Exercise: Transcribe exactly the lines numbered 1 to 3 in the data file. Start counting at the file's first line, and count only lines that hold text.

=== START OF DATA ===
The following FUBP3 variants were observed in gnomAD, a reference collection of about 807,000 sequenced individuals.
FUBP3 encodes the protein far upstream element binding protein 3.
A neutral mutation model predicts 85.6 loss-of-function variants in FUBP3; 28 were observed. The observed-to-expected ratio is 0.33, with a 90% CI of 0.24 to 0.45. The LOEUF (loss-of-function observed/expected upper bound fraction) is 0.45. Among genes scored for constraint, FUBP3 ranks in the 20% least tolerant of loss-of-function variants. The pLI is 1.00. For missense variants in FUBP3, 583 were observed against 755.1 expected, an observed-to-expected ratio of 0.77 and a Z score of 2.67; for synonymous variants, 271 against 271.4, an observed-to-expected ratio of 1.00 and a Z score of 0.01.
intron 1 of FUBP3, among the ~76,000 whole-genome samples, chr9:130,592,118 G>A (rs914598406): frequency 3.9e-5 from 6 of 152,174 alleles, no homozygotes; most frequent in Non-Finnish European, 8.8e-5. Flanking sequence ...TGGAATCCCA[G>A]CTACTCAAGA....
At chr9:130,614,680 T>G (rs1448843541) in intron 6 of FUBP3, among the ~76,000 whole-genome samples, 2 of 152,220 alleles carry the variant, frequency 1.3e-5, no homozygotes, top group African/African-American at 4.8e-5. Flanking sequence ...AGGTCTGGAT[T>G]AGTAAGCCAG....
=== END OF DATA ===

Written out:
The following FUBP3 variants were observed in gnomAD, a reference collection of about 807,000 sequenced individuals.
FUBP3 encodes the protein far upstream element binding protein 3.
A neutral mutation model predicts 85.6 loss-of-function variants in FUBP3; 28 were observed. The observed-to-expected ratio is 0.33, with a 90% CI of 0.24 to 0.45. The LOEUF (loss-of-function observed/expected upper bound fraction) is 0.45. Among genes scored for constraint, FUBP3 ranks in the 20% least tolerant of loss-of-function variants. The pLI is 1.00. For missense variants in FUBP3, 583 were observed against 755.1 expected, an observed-to-expected ratio of 0.77 and a Z score of 2.67; for synonymous variants, 271 against 271.4, an observed-to-expected ratio of 1.00 and a Z score of 0.01.